But Kentridge’s political credentials have allowed him to seemingly avoid such criticism.
He went on to exhibit at almost every important gallery in the world and lift most of its top art prizes.
He was the face of post-apartheid contemporary art, always dressed in his black pants and white collared shirt, a literary visual artist who traded in the injustices of humanity.
“It became a relief when several other South African artists began to make big names around the world. I was no longer the sole representative. Now there were [David] Goldblatts and [Mikhael] Subotzkys.”
Now I interrupt. “But it’s mainly white artists still, and in tracking the history of the sales, I mean Nicolas Hlobo is starting to attract some very nice money. But here is the truth of it – the legacy is still playing out in white privilege the way it did with [Irma] Stern versus, say, [Gerard] Sekoto.”
Kentridge agrees and shares my frustration. When asked directly about white privilege, he is forthright.
About his work themed around the Truth and Reconciliation Commission, he once said: “In many parts of the country, it hasn’t changed at all. Children in poor rural schools still get a miserable education. It’s also true that the main beneficiaries since the ending of apartheid are white South Africans.
“No sacrifices have been required. No one’s lost their beautiful house.” Including Kentridge, of course.
His many generous collaborations seldom feature black artists. He says this is just how it’s worked out – and he is hesitant to subsume other people’s work.
Arriving at his home, the domestic help is black, the friendly and madly conscientious staff are white.
Probably also just how it worked out, but it is perfectly possible to be a critic of the status quo while upholding it. It’s one of the contradictions that define the white left in this country. Does it make them less of a national treasure?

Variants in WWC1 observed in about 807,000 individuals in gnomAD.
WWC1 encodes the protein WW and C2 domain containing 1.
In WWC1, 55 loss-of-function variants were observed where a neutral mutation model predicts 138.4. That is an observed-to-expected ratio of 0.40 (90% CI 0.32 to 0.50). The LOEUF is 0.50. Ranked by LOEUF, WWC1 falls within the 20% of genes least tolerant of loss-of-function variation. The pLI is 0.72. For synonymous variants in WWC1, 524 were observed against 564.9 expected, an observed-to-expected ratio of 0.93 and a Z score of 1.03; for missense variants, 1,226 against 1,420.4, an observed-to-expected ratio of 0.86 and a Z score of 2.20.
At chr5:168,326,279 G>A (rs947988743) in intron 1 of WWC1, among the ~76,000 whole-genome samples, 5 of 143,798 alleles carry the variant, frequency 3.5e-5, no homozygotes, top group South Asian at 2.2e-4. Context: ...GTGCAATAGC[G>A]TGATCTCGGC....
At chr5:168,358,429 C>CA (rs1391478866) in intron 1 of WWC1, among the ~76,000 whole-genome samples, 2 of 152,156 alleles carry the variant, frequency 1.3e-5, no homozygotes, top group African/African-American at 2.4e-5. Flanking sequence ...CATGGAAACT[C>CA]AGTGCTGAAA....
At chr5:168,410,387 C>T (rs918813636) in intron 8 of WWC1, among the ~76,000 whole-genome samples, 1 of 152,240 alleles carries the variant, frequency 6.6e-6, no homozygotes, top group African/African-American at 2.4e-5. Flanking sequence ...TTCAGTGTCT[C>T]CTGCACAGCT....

I am curious. There is a veritable library shelf of books on Kentridge’s work, but is there no biography?
“No, thank goodness,” he responds.
“Firstly, there is nothing to tell – a privileged, white, Johannesburg childhood, going to schools and universities and studios all within a few-kilometre radius ... The story is he goes to the studio every day and he works, but there is no real transformation in the biography so I do not think it would be interesting…”
So how is he feeling about turning 60? He almost smiles.
“It is certainly a case of, okay, this is who you are, make peace with it, you are not going to reinvent yourself.
“I always thought I would be an artist until I discovered what I wanted to do when I grew up – where now at 60 that is too late, I am now unemployable, I can’t get another job.”
And on the subject of Nhlengethwa, he says: “We are both turning 60 so we are doing a project together. It may just be a conversation, it won’t most probably be working on the same piece of paper. I don’t think any of us want to do that.
“But certainly I am very interested in that conversation and the very different growths, how each of us got into art – all the different routes and different things,” says Kentridge.